Discrete element assemblies, shell structures, curved surfaces, tessellation

Further development of the thesis project – testing 3 supports supported dome structure worked. Although the side elements tend to fall away and do not have any structural performance in the whole model.

Having a medial spine helps during the assembly process and once it is assembled all other elements can be easily attached to each other.

Documenting symmetrical 3 supports supported dome structure with hexagonal tessellation pattern

Some additional information according to the tessellation of symmetrical and asymmetrical shell structures could be found in the diagrams below.

Tessellation of a symmetrical shell
Tessellation of an asymmetrical shell

While working with symmetry gives an opportunity to automate the process in Grasshopper, working with an asymmetrical shapes requires some background knowledge, starting from medial spine to understanding of a force flow in the discrete element shell geometry to size of each voussoir and as for now is drawn manually. Furthermore, it is impossible to stick with a same number of vertexes for each detail, so the whole tessellation becomes an n-gon pattern.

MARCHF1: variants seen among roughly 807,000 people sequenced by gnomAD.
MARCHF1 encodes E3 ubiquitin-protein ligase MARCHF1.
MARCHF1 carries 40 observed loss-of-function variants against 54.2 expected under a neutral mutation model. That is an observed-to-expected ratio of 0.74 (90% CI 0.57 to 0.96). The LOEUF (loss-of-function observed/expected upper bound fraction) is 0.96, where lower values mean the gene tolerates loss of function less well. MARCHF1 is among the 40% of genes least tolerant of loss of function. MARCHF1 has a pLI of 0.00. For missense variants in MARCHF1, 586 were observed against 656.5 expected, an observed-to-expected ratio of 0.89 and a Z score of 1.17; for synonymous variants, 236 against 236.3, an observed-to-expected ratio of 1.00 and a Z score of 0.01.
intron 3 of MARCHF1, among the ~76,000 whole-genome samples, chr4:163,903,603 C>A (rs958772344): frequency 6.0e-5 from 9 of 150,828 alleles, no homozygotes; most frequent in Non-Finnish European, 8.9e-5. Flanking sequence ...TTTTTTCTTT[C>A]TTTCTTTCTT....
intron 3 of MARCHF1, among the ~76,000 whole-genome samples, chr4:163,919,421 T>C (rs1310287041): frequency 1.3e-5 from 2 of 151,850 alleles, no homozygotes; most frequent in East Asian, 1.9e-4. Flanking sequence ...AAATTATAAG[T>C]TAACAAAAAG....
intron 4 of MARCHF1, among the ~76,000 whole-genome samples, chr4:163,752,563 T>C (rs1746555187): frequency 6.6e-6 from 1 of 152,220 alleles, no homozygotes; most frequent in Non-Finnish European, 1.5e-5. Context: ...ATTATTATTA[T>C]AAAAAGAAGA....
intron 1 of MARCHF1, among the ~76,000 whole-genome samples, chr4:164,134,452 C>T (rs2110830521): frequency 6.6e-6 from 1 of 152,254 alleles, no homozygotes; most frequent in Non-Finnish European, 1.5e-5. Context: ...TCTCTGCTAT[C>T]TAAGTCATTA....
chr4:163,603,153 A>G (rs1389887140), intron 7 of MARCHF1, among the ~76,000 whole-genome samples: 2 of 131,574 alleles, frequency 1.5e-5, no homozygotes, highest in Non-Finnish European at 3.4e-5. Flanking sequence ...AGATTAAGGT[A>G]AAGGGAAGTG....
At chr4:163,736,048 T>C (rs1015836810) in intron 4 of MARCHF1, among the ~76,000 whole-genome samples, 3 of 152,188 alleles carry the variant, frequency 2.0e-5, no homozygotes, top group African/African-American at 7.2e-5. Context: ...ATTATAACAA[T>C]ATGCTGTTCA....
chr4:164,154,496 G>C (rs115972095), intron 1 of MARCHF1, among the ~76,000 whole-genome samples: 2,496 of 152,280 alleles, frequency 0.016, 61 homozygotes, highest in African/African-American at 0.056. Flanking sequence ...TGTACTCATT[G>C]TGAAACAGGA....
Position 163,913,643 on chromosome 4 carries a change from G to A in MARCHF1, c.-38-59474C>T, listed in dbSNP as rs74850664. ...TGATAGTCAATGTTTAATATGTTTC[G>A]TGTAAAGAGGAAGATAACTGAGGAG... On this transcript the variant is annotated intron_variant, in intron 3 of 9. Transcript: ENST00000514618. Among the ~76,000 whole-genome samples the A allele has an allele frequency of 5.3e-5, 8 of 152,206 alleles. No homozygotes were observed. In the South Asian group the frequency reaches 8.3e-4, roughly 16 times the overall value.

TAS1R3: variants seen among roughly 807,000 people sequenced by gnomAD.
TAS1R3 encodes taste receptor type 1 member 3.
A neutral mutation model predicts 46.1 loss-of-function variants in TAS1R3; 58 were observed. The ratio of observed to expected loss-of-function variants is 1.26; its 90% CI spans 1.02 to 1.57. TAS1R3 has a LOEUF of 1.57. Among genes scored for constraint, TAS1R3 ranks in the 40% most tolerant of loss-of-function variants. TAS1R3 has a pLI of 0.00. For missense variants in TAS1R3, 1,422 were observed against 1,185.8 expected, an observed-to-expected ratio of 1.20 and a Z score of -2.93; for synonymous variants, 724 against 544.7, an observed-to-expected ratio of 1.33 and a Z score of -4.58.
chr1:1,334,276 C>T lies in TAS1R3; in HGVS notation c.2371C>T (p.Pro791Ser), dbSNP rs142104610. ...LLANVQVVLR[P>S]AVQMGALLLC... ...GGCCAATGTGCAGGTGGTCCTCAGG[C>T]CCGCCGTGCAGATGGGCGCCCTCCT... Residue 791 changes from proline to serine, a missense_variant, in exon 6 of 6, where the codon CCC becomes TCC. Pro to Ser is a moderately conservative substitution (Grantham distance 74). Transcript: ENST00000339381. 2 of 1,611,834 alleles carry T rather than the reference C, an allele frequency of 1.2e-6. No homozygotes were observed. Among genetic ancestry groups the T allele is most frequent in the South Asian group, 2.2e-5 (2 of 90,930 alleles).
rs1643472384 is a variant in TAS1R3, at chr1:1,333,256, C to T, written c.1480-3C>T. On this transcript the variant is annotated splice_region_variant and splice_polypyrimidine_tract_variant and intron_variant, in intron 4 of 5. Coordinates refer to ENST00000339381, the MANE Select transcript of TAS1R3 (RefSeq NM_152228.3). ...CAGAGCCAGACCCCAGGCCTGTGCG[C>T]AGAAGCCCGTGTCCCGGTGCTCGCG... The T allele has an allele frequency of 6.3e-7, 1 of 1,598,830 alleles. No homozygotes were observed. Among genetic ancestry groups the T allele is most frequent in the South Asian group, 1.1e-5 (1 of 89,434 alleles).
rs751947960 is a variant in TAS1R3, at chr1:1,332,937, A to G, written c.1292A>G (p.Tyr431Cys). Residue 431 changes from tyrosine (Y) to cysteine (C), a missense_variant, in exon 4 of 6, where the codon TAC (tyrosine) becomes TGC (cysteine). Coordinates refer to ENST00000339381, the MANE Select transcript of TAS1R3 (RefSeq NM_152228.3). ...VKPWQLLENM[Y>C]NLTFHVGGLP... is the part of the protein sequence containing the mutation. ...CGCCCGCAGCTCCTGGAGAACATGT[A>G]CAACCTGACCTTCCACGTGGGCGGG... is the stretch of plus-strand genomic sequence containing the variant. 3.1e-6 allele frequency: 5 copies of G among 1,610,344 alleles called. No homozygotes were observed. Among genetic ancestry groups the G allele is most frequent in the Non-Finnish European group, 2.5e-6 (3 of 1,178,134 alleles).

Final model for testing asymmetrical discrete element shell on a flat terrain condition, size – 70x70x20cm, number of elements ~380 pieces.
Fragment of an asymmetrical model on a flat terrain condition
Layout of details

And finally first experiments with different thickness of a shell from DE.

Mesh offset by face normals using remaped amplitude
Scheme showing the different thickness of a shell having the thicker supports and thinner top elements

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